Holding our nerve

There’s been so much press comment this week on the potential damage inflicted on the economy should the British public decide on Brexit at the EU referendum in June.

My honest opinion is that nobody really knows what will happen if we vote to leave – after all, we are in unchartered territory – but there seems to be a good deal of scaremongering going on.

One thing that is doing damage, however, is the rhetoric surrounding the debate and the sense of anxiety this is creating.

A report to be released by the EY Item Club will show that their latest forecast suggests that Britain’s economy will grow more slowly this year than previously expected.  It predicts 2.3% growth – lower than its 2.6% prediction in January. The report acknowledges the disruption to the economy caused by Brexit uncertainty. Peter Spencer from Item Club said: “Uncertainty surrounding the outcome of the EU referendum may hit business confidence and corporate appetite for risk.”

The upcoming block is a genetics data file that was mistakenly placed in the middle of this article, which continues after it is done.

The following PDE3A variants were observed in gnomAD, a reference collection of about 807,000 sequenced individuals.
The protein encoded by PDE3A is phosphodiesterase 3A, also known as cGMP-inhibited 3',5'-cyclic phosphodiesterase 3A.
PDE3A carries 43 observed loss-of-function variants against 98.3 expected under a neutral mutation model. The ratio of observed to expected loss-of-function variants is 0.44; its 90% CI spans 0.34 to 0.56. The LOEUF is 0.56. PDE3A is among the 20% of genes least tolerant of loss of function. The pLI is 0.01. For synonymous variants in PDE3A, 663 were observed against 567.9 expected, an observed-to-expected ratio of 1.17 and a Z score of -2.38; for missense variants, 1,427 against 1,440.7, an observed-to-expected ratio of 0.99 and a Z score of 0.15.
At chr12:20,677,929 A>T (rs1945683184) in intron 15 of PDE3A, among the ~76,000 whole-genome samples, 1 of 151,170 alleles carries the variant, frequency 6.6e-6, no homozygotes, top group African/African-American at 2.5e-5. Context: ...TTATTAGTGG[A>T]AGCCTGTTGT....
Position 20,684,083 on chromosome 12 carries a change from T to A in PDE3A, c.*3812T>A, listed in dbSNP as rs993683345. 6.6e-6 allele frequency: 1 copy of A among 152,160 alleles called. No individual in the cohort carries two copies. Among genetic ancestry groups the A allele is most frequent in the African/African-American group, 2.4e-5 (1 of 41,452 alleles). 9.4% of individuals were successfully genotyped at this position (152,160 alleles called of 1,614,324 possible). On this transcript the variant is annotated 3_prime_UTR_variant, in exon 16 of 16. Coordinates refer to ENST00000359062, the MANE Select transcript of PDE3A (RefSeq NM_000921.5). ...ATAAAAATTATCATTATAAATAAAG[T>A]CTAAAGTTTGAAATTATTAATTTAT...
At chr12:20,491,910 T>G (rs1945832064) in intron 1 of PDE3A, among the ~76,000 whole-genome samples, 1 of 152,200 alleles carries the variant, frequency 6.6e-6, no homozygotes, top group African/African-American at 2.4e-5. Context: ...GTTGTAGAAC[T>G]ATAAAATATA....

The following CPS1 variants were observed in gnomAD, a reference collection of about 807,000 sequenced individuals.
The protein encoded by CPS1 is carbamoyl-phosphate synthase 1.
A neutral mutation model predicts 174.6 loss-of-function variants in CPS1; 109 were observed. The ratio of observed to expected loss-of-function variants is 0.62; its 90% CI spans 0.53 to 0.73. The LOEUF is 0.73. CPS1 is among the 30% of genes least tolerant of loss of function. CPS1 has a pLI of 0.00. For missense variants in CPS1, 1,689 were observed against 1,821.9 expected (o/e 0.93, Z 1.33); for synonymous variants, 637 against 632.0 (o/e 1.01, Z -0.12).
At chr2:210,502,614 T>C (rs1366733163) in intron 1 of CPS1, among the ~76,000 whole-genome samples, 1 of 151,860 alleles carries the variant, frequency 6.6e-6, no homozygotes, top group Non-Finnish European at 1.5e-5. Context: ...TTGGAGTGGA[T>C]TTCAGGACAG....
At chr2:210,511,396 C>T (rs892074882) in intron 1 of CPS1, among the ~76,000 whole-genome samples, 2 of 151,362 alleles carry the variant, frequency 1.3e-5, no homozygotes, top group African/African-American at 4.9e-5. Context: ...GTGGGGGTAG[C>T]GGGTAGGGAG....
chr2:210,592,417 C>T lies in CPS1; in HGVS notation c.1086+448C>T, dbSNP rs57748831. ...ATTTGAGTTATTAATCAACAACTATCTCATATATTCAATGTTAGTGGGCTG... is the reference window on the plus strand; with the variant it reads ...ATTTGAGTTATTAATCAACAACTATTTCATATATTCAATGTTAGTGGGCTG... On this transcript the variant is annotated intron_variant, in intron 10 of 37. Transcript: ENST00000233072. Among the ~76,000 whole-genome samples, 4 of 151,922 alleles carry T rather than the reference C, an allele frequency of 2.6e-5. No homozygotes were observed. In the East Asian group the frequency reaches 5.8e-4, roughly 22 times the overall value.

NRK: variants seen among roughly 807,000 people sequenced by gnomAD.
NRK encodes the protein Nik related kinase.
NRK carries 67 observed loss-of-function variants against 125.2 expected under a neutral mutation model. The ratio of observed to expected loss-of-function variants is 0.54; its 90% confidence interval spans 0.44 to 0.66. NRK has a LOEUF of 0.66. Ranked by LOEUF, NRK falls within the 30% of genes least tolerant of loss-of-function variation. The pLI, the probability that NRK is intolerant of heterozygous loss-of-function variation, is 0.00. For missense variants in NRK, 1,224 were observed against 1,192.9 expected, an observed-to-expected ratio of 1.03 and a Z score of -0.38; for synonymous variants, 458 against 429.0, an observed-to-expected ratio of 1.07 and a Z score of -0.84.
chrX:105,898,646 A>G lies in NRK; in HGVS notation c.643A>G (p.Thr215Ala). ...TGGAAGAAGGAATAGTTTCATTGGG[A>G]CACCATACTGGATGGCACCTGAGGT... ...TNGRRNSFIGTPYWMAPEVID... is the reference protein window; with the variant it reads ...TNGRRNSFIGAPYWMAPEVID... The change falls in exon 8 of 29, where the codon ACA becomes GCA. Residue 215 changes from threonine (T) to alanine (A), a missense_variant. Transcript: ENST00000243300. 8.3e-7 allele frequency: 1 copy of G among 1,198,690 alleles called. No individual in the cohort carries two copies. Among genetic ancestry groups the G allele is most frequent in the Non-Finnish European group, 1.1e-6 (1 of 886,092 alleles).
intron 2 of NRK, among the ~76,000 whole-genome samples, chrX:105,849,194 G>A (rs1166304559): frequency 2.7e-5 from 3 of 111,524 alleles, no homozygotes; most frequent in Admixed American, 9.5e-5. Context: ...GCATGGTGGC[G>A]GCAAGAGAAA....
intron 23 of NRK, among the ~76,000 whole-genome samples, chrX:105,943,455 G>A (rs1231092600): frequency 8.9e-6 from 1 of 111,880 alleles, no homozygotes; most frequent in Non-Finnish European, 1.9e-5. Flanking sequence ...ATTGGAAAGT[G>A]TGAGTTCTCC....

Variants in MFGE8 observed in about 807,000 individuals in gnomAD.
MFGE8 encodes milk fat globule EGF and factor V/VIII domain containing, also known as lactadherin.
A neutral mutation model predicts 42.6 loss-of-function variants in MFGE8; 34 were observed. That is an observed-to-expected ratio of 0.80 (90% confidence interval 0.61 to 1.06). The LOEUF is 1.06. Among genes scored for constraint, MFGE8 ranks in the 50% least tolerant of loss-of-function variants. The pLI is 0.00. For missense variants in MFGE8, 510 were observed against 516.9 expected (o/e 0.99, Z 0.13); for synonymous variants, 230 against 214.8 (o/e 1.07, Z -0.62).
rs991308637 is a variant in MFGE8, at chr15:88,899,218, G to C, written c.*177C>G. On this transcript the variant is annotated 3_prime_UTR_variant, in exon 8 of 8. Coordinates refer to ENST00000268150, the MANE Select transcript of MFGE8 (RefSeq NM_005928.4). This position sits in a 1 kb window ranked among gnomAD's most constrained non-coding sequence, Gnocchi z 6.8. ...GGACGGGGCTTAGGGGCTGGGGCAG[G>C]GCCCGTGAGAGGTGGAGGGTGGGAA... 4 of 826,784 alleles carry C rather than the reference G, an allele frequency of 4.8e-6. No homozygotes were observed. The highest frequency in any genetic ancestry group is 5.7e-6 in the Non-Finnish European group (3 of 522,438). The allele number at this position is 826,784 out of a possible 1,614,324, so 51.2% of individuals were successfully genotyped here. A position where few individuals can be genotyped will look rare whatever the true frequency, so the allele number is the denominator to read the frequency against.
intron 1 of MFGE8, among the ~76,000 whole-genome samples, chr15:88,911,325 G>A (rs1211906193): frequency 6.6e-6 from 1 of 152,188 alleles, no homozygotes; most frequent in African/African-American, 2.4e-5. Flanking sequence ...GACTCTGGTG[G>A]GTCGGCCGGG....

This comes on the back of a survey from the Royal Institution of Chartered Surveyors which suggested that house prices were set for a slowdown over the coming months. It, too, blamed the forthcoming referendum on European Union membership for cooling the housing market. Simon Rubinsohn, Rics’ chief economist said: “The EU referendum is likely to be an influencer in terms of the damper outlook for London in particular.” The survey showed that most surveyors in London expect prices to fall over the next three months.

This comes as little surprise to me. In my blog in March, I wrote that the looming Brexit vote was undermining the normal functioning of the economy and that UK businesses were feeling increasingly nervous, delaying major decisions until after the June vote.

Confidence in all of this is key and sadly this seems to be falling, hence transaction levels are suffering. Managers are putting off making decisions and this seems to be creating a domino effect.

My view is that the great British public is starting to feel election fatigue – and we still have two months to go. My argument that politicians and commentators are just confusing us further with unsubstantiated statistics and counter arguments sadly seems to be coming to the fore.

Rather than infighting we need decisive messages from our leaders and politicians to get through this period, not stone-throwing and tantrums. That and a strong unambiguous decision on 23 June – be it in or out.

I’m voting for a return to normality.

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